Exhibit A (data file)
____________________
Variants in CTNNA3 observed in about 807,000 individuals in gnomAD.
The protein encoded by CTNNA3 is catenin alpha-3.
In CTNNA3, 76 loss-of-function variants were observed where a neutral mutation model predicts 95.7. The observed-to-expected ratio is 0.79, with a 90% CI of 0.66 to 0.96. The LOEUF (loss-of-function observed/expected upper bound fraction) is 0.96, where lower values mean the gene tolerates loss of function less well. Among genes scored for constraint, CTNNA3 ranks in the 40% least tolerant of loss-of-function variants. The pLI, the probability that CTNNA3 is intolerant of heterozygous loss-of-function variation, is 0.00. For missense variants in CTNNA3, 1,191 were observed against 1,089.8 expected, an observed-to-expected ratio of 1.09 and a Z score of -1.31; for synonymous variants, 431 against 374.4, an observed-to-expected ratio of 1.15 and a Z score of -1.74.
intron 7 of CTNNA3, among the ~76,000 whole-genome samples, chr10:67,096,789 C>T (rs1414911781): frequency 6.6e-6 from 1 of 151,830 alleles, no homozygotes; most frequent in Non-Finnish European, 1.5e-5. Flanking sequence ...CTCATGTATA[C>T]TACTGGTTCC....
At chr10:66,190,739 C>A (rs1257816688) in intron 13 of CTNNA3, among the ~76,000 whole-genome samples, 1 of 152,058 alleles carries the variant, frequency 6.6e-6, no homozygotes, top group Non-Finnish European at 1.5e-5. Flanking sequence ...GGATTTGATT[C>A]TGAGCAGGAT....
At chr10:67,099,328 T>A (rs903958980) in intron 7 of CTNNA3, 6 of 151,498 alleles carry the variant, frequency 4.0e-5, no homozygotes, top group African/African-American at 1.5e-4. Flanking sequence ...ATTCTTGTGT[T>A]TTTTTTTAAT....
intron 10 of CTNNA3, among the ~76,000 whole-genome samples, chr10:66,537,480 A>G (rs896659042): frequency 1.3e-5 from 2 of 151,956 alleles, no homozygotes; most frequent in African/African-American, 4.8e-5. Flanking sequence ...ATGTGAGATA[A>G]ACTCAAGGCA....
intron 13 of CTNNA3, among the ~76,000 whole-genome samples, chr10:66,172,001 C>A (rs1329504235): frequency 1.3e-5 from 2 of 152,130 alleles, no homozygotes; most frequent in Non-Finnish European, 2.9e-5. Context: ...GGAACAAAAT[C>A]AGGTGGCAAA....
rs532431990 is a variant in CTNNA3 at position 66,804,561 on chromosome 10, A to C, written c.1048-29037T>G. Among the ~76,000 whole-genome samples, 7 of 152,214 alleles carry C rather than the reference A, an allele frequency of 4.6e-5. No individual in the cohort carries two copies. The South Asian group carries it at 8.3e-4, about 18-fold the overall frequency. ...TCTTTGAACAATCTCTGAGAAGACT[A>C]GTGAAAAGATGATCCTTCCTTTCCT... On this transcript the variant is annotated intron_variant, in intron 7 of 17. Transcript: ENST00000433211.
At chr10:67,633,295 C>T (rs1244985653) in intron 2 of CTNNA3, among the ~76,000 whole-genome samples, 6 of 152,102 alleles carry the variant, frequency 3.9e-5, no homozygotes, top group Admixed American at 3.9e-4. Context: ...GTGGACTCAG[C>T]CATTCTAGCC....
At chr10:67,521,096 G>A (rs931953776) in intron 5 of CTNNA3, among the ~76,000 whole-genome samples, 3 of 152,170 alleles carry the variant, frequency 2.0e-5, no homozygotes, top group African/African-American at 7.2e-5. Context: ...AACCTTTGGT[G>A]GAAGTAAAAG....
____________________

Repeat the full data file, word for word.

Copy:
Variants in CTNNA3 observed in about 807,000 individuals in gnomAD.
The protein encoded by CTNNA3 is catenin alpha-3.
In CTNNA3, 76 loss-of-function variants were observed where a neutral mutation model predicts 95.7. The observed-to-expected ratio is 0.79, with a 90% CI of 0.66 to 0.96. The LOEUF (loss-of-function observed/expected upper bound fraction) is 0.96, where lower values mean the gene tolerates loss of function less well. Among genes scored for constraint, CTNNA3 ranks in the 40% least tolerant of loss-of-function variants. The pLI, the probability that CTNNA3 is intolerant of heterozygous loss-of-function variation, is 0.00. For missense variants in CTNNA3, 1,191 were observed against 1,089.8 expected, an observed-to-expected ratio of 1.09 and a Z score of -1.31; for synonymous variants, 431 against 374.4, an observed-to-expected ratio of 1.15 and a Z score of -1.74.
intron 7 of CTNNA3, among the ~76,000 whole-genome samples, chr10:67,096,789 C>T (rs1414911781): frequency 6.6e-6 from 1 of 151,830 alleles, no homozygotes; most frequent in Non-Finnish European, 1.5e-5. Flanking sequence ...CTCATGTATA[C>T]TACTGGTTCC....
At chr10:66,190,739 C>A (rs1257816688) in intron 13 of CTNNA3, among the ~76,000 whole-genome samples, 1 of 152,058 alleles carries the variant, frequency 6.6e-6, no homozygotes, top group Non-Finnish European at 1.5e-5. Flanking sequence ...GGATTTGATT[C>A]TGAGCAGGAT....
At chr10:67,099,328 T>A (rs903958980) in intron 7 of CTNNA3, 6 of 151,498 alleles carry the variant, frequency 4.0e-5, no homozygotes, top group African/African-American at 1.5e-4. Flanking sequence ...ATTCTTGTGT[T>A]TTTTTTTAAT....
intron 10 of CTNNA3, among the ~76,000 whole-genome samples, chr10:66,537,480 A>G (rs896659042): frequency 1.3e-5 from 2 of 151,956 alleles, no homozygotes; most frequent in African/African-American, 4.8e-5. Flanking sequence ...ATGTGAGATA[A>G]ACTCAAGGCA....
intron 13 of CTNNA3, among the ~76,000 whole-genome samples, chr10:66,172,001 C>A (rs1329504235): frequency 1.3e-5 from 2 of 152,130 alleles, no homozygotes; most frequent in Non-Finnish European, 2.9e-5. Context: ...GGAACAAAAT[C>A]AGGTGGCAAA....
rs532431990 is a variant in CTNNA3 at position 66,804,561 on chromosome 10, A to C, written c.1048-29037T>G. Among the ~76,000 whole-genome samples, 7 of 152,214 alleles carry C rather than the reference A, an allele frequency of 4.6e-5. No individual in the cohort carries two copies. The South Asian group carries it at 8.3e-4, about 18-fold the overall frequency. ...TCTTTGAACAATCTCTGAGAAGACT[A>C]GTGAAAAGATGATCCTTCCTTTCCT... On this transcript the variant is annotated intron_variant, in intron 7 of 17. Transcript: ENST00000433211.
At chr10:67,633,295 C>T (rs1244985653) in intron 2 of CTNNA3, among the ~76,000 whole-genome samples, 6 of 152,102 alleles carry the variant, frequency 3.9e-5, no homozygotes, top group Admixed American at 3.9e-4. Context: ...GTGGACTCAG[C>T]CATTCTAGCC....
At chr10:67,521,096 G>A (rs931953776) in intron 5 of CTNNA3, among the ~76,000 whole-genome samples, 3 of 152,170 alleles carry the variant, frequency 2.0e-5, no homozygotes, top group African/African-American at 7.2e-5. Context: ...AACCTTTGGT[G>A]GAAGTAAAAG....